Still in the game

Former Dragon David Espinosa now scouts for the Independent League

By Marc Katz


David Espinosa was back at Fifth Third Field recently.

Yes, that David Espinosa, who arrived in Dayton as a 19-year-old first-round draft pick, already with a major league contract and said to have the playing skills to get himself there.

I don’t want to rewrite history, but he did have the skills, even though he didn’t quite make it to the majors.

Now, 35 years old and in near playing shape, Espinosa stays connected to the game as a scout, working for the Miami Marlins.

“I just want to be in baseball,” says Espinosa, who played eight years in organized baseball’s minor leagues, then seven more with teams in independent leagues.

During his second season of independent ball, he was signed by the Mariners, but released after the season.

Not everybody with promise makes it to the major leagues, and some who do make it in other capacities.

Following Espinosa’s 2014 playing season, he was home in Miami and was asked if he’d like to scout.

“I’ve been doing this two years for Miami,” Espinosa says. “I scout mainly the Independent League and the Midwest League and wherever the Marlins have a team.”

He also coaches in spring training.

Every player who makes it and every one who doesn’t has a story. Espinosa’s is as unique as any.

In 2000, he was a highly considered prep shortstop from Miami whose family had migrated from Venezuela. There was talk he would be drafted well before the Reds’ pick, No. 23, came up, but Espinosa’s agent was Scott Boras, a particularly tough negotiator. Several teams were said to have backed away, and there was Espinosa, still on the board.

Two problems quickly arose. Boras wanted a lot of money for his client, and the Reds had no money to offer. Remember, these were the Marge Schott ownership days, when she was said to sell leftover doughnuts in her staff lunchroom to employees who apparently weren’t getting paid enough to buy a fresh lunch.

While the Reds had not been having good results with their first-round draft picks in those years, the 2000 and 2001 drafts left an obvious hole. Espinosa’s contract talks expanded past the playing dates of the 2000 season, leaving him without the opportunity to play rookie ball in Billings or Sarasota.

Without money for a bonus, the Reds negotiated an eight-year $2.75 million major league deal, starting Espinosa with the low, Class A Dragons in 2001 at the major league minimum $250,000 (at the time). He was to get a bonus payment if he reached the majors. Most of his teammates were playing for $1,200 a month.

(Catcher Dane Sardinha, a second-round draft choice and also a Boras client, signed a similar deal, for six years and $1.75 million. He eventually did make the majors, only mostly not with the Reds.)

With that big contract, the Reds were not about to send Espinosa back to rookie ball for half a year or so, as they did later with Joey Votto. The Reds kept trying to improve Espinosa through competition he was not quite ready to match.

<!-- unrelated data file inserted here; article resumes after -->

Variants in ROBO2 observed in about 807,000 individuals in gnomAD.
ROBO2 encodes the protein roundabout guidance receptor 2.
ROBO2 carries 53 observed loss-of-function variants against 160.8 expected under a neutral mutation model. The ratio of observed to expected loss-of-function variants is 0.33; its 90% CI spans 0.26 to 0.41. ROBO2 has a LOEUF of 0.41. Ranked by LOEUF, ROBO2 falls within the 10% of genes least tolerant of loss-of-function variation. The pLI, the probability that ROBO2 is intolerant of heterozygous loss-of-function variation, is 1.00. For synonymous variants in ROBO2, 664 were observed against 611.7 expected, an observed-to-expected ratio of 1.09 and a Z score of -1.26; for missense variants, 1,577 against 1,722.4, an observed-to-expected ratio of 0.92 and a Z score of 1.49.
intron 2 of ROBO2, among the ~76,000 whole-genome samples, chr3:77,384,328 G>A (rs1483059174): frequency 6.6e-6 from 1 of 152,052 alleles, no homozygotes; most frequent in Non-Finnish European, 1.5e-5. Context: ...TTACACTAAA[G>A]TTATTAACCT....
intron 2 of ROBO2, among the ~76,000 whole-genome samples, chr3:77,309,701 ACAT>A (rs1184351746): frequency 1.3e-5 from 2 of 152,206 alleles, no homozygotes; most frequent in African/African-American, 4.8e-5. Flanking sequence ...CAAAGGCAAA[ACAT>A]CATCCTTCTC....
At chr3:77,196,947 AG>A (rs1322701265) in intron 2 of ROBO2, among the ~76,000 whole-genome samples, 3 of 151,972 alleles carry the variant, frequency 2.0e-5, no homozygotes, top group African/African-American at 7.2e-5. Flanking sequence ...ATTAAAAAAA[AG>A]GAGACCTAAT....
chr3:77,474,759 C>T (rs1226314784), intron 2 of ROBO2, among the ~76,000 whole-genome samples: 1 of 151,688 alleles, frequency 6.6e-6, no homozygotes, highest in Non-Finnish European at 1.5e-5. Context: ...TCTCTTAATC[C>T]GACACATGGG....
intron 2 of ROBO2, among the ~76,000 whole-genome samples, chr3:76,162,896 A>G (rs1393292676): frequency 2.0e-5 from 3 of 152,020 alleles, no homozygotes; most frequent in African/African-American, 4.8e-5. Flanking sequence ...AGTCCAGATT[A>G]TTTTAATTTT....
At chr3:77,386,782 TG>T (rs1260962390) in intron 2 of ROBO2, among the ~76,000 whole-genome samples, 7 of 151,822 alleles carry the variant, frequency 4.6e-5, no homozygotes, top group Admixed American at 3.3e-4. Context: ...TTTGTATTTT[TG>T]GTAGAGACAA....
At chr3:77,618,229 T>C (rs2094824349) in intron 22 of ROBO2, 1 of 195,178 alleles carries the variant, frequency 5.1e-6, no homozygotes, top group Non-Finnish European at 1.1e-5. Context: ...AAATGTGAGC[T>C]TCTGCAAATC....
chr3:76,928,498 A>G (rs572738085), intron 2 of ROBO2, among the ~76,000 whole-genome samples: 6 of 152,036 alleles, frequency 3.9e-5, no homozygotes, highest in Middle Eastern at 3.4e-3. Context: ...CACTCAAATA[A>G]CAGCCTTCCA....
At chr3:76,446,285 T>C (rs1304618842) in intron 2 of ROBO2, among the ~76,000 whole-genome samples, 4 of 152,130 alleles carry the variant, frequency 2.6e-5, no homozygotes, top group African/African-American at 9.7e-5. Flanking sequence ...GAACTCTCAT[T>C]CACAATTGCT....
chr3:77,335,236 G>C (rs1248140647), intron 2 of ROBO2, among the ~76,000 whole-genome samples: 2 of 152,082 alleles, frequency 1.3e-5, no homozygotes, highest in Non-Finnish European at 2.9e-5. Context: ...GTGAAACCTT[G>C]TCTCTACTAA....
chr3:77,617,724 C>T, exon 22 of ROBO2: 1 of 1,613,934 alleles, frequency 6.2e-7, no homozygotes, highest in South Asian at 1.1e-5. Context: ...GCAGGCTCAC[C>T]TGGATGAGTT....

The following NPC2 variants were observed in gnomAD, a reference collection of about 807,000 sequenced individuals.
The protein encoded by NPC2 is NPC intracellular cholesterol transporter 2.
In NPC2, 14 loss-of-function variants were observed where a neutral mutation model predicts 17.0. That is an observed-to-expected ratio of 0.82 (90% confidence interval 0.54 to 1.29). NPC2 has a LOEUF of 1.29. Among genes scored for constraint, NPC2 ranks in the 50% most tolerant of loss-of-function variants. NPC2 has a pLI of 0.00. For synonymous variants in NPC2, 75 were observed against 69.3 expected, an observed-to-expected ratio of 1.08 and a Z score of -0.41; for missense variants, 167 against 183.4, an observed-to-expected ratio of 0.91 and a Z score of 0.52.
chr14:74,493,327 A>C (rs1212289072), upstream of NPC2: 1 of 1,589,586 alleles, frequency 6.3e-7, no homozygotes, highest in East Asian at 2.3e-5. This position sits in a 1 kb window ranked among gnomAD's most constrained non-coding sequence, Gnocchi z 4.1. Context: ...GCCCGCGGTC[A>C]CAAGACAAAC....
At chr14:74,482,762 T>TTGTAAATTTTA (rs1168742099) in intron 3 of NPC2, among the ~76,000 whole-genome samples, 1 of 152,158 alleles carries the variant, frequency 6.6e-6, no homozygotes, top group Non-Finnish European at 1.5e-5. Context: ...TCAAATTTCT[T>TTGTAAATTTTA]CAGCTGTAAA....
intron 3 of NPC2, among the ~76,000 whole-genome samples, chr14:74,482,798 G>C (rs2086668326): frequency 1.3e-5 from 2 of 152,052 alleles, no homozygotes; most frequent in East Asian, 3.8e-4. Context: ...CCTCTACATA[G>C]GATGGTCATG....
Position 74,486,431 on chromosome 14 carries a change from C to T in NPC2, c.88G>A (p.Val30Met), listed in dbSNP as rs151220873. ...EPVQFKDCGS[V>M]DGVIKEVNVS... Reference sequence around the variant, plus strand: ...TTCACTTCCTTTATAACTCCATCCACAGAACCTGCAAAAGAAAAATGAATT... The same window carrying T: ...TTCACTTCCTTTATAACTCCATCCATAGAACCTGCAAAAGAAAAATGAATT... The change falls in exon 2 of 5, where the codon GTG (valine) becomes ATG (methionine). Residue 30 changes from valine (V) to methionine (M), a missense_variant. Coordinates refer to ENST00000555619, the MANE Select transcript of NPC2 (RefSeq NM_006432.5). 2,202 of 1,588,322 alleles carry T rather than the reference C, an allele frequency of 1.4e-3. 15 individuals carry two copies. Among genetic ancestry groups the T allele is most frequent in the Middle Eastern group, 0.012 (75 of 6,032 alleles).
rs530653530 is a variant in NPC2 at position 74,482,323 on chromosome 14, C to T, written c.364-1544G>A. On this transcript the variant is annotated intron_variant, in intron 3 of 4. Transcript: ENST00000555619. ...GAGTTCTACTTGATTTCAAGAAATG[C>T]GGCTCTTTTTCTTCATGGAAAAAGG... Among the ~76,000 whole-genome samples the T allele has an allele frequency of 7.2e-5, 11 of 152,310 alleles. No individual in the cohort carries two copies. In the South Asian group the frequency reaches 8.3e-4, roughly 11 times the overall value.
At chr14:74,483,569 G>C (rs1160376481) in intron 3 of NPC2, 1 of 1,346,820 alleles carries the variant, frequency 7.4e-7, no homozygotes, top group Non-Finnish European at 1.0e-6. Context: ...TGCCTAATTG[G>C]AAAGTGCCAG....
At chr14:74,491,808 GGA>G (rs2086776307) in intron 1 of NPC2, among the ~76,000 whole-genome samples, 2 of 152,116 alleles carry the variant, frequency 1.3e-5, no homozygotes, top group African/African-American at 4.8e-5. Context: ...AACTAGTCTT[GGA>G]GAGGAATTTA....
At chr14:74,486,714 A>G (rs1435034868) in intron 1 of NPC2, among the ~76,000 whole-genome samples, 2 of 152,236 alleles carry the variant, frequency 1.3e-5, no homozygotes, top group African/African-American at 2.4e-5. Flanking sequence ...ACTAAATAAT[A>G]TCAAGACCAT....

In 2001, the Reds gave up altogether, drafting pitcher Jeremy Sowers in the first round even though the Sowers family convinced everyone else Sowers was going to school first—Vanderbilt—before playing pro ball.

Sowers did go to Vanderbilt—saving the Reds about $2 million—but leaving them without a first-round draft choice.

Those picks might or might not have affected how the major league team played, but starting in 2001, the Reds ran off a string of nine straight losing seasons and have had only three winning seasons since then.

Espinosa not only played eight years in the minors for major league minimum, he eventually knew he no longer was a top prospect, and no major league team was going to pay a bonus to get him to the majors.

By then, of course, Espinosa had been shifted to second base, traded to Detroit, and moved to the outfield.

During his time with the Dragons, Espinosa was told he had to change the way he played in the field—and this is where sometimes the way a youngster plays and the way a coach knows he has to play in the majors, come into conflict.

Espinosa said he never made errors in high school. Suddenly, he couldn’t make a straight throw to first base, and the errors piled up, especially with first base anchored in Dayton and later Stockton by Randy Ruiz, who needed a perfect throw to complete a play.

“I got mental about it,” Espinosa says.

On offense, he showed promise as a rookie, hitting .262 with seven homers and 37 RBIs, good for a 19 year old in the Midwest League.

But there were numbers on his resume that didn’t look good. He walked just 55 times while striking out 120.

Athough he improved, Espinosa also says, “I figured out what worked for me too late.”

His agent hired a sports psychologist.

He says he learned how to deal with failure and, again too late, how to deport himself when dealing with failure.

He has already signed several players for the Marlins, and no, he won’t make the majors as a player. He may be the reason somebody else makes it, though.

There’s nothing wrong with that.

The views and opinions expressed in On Your Marc are the views and/or opinions of the author and do not reflect the views and/or opinions of the Dayton City Paper or Dayton City Media and are published strictly for entertainment purposes.

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Columbus-born Marc Katz had a 44-year newspaper career, 41 of those years covering sports, 40 of them at the Dayton Daily News. He now blogs at Reach Dayton City Paper sports writer Marc Katz at

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